“All these people dancing in the streets at Jewish cemeteries should see this movie, because if it was any other race, this wouldn’t happen,” said actor Juliana Margulies, who helped create the Holocaust Educator School Partnership. New York’s Museum of Jewish Heritage: A Living Memorial to the Holocaust. “Do they not remember that the Jews fought with them and died for their cause?”
The 43-minute footage was taken from body cameras worn by Hamas attackers, dashcams, traffic cameras, closed-circuit TV and the mobile phones and social media accounts of victims, soldiers and emergency medical workers. These include disturbing scenes of people being gunned down while driving on the highway, cowering in their homes and trying to flee into the open. There are still photographs of charred bodies, bloodied teenagers piled on the backs of trucks, lifeless children in pajamas (their faces blurred to protect their identities).
Scheffler said the film can’t cover all of the horror — given the hundreds of hours of footage — and less than 10 percent of those killed were shot.
Before the screening, Gilad Erdan, Israel’s ambassador to the United Nations, warned that it would “change the way you look at the Middle East”, featuring “barbarity and cruelty you’ve never seen before”.
While watching, the audience choked and wept. At least two people left the theater before the film ended, and when it did one shouted “Show the children! Show me the rapes!” before being safely evacuated.
Former news anchor and war correspondent Christina Bascucci was among those wiping away tears. joined the race After Dianne Feinstein in the United States Senate. He said he hopes the film “encourages an understanding of the horrors of that day and an appreciation of the lives lost”.
Bascucci, 38, said she discovered her grandmother was Jewish in her 20s; Last month she joined A humanitarian mission for Israel.
“This doesn’t need to be a polarizing issue,” he said. “You can simultaneously condemn the killing of innocent Palestinians” and condemn the killing of Jews.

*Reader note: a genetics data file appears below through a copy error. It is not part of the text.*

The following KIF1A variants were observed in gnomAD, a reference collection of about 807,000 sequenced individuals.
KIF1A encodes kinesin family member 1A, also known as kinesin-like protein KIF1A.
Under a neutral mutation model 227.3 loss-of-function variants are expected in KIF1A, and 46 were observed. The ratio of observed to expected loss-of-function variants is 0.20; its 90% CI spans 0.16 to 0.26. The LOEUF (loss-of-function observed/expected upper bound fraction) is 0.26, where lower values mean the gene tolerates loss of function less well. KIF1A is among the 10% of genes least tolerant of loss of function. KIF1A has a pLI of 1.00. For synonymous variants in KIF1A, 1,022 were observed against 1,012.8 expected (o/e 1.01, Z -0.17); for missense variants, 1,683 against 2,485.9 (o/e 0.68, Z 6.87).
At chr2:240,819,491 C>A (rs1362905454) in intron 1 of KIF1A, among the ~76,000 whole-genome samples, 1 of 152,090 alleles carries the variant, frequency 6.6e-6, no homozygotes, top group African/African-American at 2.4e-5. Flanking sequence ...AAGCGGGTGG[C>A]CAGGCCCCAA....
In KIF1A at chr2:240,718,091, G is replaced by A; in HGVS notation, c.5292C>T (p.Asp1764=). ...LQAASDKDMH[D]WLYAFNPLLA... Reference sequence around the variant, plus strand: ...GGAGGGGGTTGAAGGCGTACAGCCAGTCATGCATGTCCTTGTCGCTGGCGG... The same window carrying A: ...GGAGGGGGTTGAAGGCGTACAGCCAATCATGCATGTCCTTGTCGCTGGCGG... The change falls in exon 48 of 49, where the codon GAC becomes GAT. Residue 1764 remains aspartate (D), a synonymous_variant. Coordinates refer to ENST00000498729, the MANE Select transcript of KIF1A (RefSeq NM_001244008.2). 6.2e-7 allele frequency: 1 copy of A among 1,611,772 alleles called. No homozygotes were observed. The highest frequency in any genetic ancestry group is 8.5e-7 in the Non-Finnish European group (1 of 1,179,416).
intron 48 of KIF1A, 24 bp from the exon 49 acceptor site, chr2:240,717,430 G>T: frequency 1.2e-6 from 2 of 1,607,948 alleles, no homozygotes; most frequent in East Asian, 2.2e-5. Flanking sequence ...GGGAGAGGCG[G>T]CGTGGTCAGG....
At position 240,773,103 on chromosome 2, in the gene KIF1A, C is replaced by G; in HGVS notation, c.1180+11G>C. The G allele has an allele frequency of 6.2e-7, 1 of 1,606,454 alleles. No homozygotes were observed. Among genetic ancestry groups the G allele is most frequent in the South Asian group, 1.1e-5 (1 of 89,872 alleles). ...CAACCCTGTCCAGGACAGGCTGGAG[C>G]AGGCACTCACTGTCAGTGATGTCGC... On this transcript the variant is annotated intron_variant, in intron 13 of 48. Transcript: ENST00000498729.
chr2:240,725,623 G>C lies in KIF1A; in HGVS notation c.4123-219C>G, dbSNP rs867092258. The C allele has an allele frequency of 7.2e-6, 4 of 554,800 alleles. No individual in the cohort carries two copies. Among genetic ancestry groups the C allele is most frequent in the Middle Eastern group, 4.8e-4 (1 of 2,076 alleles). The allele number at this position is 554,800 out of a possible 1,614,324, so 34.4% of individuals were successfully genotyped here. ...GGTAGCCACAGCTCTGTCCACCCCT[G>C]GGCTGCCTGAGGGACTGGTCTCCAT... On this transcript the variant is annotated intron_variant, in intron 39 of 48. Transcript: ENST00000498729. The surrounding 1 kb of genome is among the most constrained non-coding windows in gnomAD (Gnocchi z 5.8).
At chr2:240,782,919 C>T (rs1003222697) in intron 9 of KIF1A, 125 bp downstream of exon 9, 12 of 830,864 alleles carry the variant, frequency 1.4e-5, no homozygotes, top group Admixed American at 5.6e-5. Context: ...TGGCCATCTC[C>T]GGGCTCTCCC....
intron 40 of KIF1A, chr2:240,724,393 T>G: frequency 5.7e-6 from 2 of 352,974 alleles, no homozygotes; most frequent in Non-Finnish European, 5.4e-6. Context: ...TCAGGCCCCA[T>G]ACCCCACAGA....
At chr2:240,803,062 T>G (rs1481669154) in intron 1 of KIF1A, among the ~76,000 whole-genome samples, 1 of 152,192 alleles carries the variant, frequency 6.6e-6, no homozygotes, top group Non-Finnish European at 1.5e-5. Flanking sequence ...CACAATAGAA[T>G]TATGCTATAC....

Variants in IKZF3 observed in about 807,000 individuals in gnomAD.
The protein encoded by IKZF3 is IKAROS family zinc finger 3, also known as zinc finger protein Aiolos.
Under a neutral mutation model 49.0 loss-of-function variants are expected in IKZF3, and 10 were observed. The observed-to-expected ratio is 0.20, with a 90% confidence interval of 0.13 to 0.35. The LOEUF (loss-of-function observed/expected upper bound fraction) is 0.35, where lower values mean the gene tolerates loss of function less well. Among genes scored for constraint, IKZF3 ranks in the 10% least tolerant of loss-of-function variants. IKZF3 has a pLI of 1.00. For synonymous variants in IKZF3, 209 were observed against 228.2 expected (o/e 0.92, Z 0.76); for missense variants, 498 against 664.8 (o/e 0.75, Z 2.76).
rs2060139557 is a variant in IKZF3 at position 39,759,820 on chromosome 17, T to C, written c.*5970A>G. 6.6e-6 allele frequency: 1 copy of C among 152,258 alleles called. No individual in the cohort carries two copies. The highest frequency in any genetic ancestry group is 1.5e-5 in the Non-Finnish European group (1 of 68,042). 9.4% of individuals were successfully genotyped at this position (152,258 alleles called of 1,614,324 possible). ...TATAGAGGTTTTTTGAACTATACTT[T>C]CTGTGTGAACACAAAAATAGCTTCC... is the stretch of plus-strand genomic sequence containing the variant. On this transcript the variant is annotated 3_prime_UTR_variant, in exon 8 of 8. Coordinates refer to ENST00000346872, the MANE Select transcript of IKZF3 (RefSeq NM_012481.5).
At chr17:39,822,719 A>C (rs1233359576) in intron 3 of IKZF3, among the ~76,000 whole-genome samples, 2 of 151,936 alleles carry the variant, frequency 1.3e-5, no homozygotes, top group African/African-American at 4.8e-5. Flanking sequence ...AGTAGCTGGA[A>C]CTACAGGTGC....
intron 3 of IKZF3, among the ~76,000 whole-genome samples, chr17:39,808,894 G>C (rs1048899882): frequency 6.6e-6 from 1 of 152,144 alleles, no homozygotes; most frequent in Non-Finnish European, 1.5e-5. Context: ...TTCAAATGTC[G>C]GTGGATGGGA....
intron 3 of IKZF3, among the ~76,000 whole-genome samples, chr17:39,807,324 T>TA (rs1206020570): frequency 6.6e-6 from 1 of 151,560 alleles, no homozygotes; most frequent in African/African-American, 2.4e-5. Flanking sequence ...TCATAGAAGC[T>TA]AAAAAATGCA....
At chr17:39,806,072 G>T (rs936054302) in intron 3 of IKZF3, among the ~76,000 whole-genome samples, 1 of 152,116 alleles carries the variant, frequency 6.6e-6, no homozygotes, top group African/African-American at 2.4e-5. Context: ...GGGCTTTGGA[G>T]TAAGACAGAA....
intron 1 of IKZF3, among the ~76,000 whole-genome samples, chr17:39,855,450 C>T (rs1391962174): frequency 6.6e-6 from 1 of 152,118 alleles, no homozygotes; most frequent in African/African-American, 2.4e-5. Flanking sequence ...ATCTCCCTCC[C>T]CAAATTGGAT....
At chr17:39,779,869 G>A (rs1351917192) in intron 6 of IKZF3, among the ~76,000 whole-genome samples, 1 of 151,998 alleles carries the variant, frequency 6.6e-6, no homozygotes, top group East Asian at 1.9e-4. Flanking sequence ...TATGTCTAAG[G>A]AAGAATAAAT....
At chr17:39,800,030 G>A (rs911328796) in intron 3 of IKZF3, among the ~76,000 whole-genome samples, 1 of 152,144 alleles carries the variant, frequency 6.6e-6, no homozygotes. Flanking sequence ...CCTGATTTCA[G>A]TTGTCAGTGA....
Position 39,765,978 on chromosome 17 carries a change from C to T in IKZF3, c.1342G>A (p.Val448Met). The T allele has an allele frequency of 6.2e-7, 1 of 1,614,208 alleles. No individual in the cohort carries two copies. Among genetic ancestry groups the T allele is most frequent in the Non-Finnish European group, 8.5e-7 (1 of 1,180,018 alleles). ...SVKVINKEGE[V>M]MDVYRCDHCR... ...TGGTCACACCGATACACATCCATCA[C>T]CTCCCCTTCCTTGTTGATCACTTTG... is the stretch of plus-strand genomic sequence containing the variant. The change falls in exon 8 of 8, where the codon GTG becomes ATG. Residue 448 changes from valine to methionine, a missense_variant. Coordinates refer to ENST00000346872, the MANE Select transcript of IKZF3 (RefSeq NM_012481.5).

Israeli actress Gal Gadot, who starred in “Wonder Woman,” was among those encouraging people to attend, according to multiple reports. Although her husband, Jaron Varsano, was in attendance, Ms. Gadot did not respond to messages seeking comment and was not at the screening.
The event was one of two organized by Greenberg and publicist Melissa Zuckerman with support from the American Jewish Committee and the Anti-Defamation League. The other happened last night in New York. Zukerman confirmed that Ynon Kreiz, Mattel’s chairman and chief executive, was among those in the auditorium in Los Angeles. David Ellison, Founder and CEO of SkyDance Media; and Roger Lynch, CEO of Condé Nast.
Yossi Klein Halevi, a senior fellow at the Shalom Hartman Institute in Jerusalem, said in a telephone interview from Israel that he “has never been in favor of atrocity scenes,” but that “these scenes must be shown.”
Following the film A video Broadway stars sing “Bring Him Home” from “Les Miserables” in support of Israeli hostages held by Hamas.
Many of the attendees talked about the Holocaust and World War II. “We are the remnants of the Holocaust,” said Rabbi Marvin Hier, founder of the Wiesenthal Center, referring to Kristallnacht’s Eve, the night of broken glass in 1938 when the Nazis smashed Jewish storefronts, killing Jews and sending thousands to concentration. camps.
Many expressed regret that it seemed necessary to display and watch such distressing scenes.
“There are eyewitness accounts and funerals, there are Shivas and bereaved families,” he said. Rabbi Sharon BruceFounder and Senior Rabbi of Los Angeles Congregation Ikar. “But this is obviously not enough. So there has to be a historical record established, and these videos are part of establishing that record.